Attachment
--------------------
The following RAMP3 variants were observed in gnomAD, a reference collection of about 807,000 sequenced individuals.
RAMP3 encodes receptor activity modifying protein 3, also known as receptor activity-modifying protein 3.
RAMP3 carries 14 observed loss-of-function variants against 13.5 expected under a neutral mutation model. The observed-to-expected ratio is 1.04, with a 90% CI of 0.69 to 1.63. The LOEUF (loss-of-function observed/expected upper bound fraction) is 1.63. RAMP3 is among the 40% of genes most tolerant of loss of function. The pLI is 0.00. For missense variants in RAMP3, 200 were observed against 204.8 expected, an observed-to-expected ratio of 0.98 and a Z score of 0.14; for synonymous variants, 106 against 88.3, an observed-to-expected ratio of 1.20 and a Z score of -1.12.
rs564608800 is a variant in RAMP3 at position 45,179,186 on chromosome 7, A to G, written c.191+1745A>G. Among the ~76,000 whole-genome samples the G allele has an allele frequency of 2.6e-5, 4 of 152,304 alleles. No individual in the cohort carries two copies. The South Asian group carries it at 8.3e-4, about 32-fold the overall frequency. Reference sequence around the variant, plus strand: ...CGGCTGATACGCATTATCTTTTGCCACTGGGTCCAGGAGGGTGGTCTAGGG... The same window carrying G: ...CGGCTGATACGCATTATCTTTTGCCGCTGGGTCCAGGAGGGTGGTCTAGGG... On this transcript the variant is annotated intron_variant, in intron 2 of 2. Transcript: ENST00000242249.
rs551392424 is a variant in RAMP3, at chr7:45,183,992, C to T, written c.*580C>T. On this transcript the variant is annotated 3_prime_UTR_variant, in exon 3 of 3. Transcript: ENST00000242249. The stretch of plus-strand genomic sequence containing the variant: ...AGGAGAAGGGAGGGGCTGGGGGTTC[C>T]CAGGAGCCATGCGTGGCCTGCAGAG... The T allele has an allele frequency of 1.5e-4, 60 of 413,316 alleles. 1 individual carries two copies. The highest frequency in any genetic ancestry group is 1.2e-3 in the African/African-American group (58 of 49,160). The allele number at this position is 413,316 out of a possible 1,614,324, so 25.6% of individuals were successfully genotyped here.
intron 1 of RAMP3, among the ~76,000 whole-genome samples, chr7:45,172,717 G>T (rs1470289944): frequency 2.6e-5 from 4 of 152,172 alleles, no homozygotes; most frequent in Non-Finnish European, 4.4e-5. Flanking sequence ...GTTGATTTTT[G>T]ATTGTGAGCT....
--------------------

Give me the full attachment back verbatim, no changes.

The following RAMP3 variants were observed in gnomAD, a reference collection of about 807,000 sequenced individuals.
RAMP3 encodes receptor activity modifying protein 3, also known as receptor activity-modifying protein 3.
RAMP3 carries 14 observed loss-of-function variants against 13.5 expected under a neutral mutation model. The observed-to-expected ratio is 1.04, with a 90% CI of 0.69 to 1.63. The LOEUF (loss-of-function observed/expected upper bound fraction) is 1.63. RAMP3 is among the 40% of genes most tolerant of loss of function. The pLI is 0.00. For missense variants in RAMP3, 200 were observed against 204.8 expected, an observed-to-expected ratio of 0.98 and a Z score of 0.14; for synonymous variants, 106 against 88.3, an observed-to-expected ratio of 1.20 and a Z score of -1.12.
rs564608800 is a variant in RAMP3 at position 45,179,186 on chromosome 7, A to G, written c.191+1745A>G. Among the ~76,000 whole-genome samples the G allele has an allele frequency of 2.6e-5, 4 of 152,304 alleles. No individual in the cohort carries two copies. The South Asian group carries it at 8.3e-4, about 32-fold the overall frequency. Reference sequence around the variant, plus strand: ...CGGCTGATACGCATTATCTTTTGCCACTGGGTCCAGGAGGGTGGTCTAGGG... The same window carrying G: ...CGGCTGATACGCATTATCTTTTGCCGCTGGGTCCAGGAGGGTGGTCTAGGG... On this transcript the variant is annotated intron_variant, in intron 2 of 2. Transcript: ENST00000242249.
rs551392424 is a variant in RAMP3, at chr7:45,183,992, C to T, written c.*580C>T. On this transcript the variant is annotated 3_prime_UTR_variant, in exon 3 of 3. Transcript: ENST00000242249. The stretch of plus-strand genomic sequence containing the variant: ...AGGAGAAGGGAGGGGCTGGGGGTTC[C>T]CAGGAGCCATGCGTGGCCTGCAGAG... The T allele has an allele frequency of 1.5e-4, 60 of 413,316 alleles. 1 individual carries two copies. The highest frequency in any genetic ancestry group is 1.2e-3 in the African/African-American group (58 of 49,160). The allele number at this position is 413,316 out of a possible 1,614,324, so 25.6% of individuals were successfully genotyped here.
intron 1 of RAMP3, among the ~76,000 whole-genome samples, chr7:45,172,717 G>T (rs1470289944): frequency 2.6e-5 from 4 of 152,172 alleles, no homozygotes; most frequent in Non-Finnish European, 4.4e-5. Flanking sequence ...GTTGATTTTT[G>T]ATTGTGAGCT....